Since 2005 banks have been paying a flat-fee premium rate of 10 paise for every Rs 100 worth of deposits, to maintain an insurance cover of Rs 1 lakh per depositor. Should the extent of insurance be raised, banks would have to increase the premium payment, which would eventually be passed on to customers in some form.
A debate has erupted on whether each bank should be asked to pay the same premium or whether banks seen to be at a higher risk of failure should be asked to pay more? An RBI committee in 2015 had suggested differential premium for banks based on their risk profile.
At its meeting last month, the central board of the RBI directed the Deposit Insurance and Credit Guarantee Corporation of India to create a risk-based framework for premium collection from banks, said a person familiar with the matter who spoke on condition of anonymity. Banks should pay their premiums to DICGC based on their financial position, this person said.
Some economists agree.
“Flat-rate premium systems are also unfair in practice as low-risk banks are required to pay the same premium as higher-risk banks. Thus, with no incentive for higher risk banks to improve their risk profile it introduces an element of moral hazard in the system and perpetuates the same,” said Soumya Kanti Ghosh, group chief economist, State Bank of India in report dated Nov. 5.
Increasing the premium rate across the board could also result in a moral hazard, said Madan Sabnavis, chief economist, Care Ratings. “There have been no significant claim payouts made by the DICGC in recent years. If this continues then banks can question the DICGC why they should pay the higher premium rate when the risk of failure is low,” he said.
Determining the embedded risk in a bank is, however, easier said than done.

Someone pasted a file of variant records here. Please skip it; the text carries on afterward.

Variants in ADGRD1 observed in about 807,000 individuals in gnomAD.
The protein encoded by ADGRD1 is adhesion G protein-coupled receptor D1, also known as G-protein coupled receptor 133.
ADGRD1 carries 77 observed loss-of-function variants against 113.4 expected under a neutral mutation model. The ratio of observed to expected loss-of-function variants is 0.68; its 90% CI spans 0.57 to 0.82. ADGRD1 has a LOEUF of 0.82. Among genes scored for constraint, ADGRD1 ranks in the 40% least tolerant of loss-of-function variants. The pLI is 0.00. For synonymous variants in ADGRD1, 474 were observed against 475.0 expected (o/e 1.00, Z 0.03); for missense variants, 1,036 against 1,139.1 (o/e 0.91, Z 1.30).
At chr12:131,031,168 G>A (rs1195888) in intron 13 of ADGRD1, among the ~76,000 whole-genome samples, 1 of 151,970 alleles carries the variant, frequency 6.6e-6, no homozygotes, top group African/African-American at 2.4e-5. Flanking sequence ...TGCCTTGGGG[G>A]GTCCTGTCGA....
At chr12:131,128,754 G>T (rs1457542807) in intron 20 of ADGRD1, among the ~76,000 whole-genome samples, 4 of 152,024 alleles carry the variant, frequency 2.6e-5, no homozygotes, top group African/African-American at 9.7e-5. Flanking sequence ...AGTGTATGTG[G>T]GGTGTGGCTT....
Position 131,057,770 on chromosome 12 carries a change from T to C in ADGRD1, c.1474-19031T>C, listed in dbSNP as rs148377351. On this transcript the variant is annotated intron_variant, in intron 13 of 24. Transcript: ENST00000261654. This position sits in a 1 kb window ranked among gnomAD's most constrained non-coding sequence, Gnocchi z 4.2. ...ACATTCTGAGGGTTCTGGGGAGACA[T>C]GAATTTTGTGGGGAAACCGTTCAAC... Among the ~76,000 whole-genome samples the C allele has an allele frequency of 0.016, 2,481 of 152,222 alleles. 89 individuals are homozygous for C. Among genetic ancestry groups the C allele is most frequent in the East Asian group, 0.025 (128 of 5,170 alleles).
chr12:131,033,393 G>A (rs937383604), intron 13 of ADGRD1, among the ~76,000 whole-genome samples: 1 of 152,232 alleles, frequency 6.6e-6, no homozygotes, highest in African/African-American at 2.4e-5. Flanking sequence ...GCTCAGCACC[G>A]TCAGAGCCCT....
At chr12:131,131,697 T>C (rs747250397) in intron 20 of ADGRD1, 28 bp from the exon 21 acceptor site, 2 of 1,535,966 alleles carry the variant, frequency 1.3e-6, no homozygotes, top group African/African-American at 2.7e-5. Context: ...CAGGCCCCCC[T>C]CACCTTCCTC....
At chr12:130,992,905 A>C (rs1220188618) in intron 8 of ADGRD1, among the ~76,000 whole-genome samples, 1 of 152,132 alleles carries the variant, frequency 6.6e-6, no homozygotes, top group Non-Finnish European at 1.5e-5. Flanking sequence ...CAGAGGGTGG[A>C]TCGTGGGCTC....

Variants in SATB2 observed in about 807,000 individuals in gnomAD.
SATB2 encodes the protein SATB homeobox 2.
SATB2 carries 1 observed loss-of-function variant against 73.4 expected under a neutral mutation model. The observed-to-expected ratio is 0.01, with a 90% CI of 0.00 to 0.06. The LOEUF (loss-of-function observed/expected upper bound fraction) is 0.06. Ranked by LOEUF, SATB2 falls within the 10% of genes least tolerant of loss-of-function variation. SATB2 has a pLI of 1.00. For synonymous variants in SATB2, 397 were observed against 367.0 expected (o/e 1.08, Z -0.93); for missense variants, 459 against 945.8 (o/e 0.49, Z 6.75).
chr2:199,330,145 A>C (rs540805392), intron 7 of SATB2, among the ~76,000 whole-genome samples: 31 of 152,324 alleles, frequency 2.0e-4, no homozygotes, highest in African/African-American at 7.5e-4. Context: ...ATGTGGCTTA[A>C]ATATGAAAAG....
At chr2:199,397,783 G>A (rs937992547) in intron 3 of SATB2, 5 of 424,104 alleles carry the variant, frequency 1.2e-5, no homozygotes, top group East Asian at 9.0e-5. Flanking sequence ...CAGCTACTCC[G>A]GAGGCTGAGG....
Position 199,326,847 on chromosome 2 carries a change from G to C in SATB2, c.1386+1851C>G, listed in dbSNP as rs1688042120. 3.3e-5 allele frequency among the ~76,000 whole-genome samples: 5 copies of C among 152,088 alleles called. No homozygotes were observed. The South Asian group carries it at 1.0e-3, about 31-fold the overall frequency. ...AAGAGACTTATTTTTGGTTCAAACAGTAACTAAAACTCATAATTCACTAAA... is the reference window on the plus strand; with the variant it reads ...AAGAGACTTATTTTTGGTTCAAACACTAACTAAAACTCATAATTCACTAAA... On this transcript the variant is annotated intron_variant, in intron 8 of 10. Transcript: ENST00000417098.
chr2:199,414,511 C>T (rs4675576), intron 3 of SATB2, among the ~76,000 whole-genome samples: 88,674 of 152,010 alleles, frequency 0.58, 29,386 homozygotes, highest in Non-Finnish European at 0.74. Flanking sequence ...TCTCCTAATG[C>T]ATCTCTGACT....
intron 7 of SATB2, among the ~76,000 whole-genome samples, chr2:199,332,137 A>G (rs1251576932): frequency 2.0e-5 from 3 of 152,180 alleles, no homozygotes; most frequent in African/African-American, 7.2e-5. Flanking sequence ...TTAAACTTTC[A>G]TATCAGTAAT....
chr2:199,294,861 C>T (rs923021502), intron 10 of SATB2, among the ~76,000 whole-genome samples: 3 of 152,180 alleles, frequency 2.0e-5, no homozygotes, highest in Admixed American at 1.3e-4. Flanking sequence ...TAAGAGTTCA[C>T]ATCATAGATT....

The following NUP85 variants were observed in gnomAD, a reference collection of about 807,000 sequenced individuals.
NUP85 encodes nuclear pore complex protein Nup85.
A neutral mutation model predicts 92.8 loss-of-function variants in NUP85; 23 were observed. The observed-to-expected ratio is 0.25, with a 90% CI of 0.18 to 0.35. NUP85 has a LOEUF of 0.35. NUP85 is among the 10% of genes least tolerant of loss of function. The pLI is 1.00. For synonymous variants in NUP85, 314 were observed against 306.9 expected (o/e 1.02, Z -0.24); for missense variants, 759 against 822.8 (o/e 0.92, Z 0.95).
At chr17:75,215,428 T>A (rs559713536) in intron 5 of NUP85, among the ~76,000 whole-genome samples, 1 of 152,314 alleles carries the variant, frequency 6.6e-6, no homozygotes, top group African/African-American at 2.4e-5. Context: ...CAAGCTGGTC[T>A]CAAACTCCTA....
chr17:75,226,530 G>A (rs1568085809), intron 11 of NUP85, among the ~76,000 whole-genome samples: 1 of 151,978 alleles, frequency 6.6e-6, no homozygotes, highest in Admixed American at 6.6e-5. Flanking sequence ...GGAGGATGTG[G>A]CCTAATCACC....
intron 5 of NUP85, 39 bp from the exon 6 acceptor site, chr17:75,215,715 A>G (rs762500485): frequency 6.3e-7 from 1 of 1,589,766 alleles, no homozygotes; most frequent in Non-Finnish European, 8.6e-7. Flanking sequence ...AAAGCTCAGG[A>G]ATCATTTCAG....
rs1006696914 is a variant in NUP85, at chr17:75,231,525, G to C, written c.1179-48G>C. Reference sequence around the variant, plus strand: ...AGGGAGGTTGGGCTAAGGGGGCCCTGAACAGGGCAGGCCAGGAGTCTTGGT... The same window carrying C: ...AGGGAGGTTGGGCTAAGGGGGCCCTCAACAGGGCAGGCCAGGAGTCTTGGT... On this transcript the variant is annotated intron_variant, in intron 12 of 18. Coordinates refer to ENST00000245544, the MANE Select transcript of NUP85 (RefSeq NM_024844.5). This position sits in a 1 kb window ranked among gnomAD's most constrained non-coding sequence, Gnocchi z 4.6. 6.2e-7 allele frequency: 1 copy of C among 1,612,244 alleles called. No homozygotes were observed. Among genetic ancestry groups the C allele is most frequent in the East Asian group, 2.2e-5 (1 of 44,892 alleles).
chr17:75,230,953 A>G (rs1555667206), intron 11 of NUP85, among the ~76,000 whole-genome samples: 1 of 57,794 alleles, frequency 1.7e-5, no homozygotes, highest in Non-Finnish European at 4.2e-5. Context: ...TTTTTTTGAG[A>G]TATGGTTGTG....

The 2015 RBI committee had debated how a 'predictive’ model could be designed to ensure an accurate assessment of the level of risk associated with each bank. “The Committee felt that such an assurance could be derived only from forward looking inputs into the model; qualitative indicators, being some of them,” the report said.
The committee eventually concluded that a model could be established where about 90 percent weightage is given to parameters based on published data and remaining 10 percent is assigned to other information, including market intelligence on aspects such as internal processes and controls.
Differential premium could also hurt weaker banks, both by sending a signal to depositors and also due to the higher premium payment imposed.
Sinha said that the government and regulator will need make some moderation in the premium pricing for co-operative banks, especially those that are weaker and have a higher insurance premium liability, to ensure the financial impact is minimised.
R Gandhi, former deputy governor at the RBI, however, said that increasing deposit insurance is not likely to affect co-operative banks adversely. “Rather they will be the primary beneficiaries. If premium is linked to risk, then risky coops will have to pay higher premium but it will still be beneficial to them, as the insurance will give confidence to their depositors,” he said.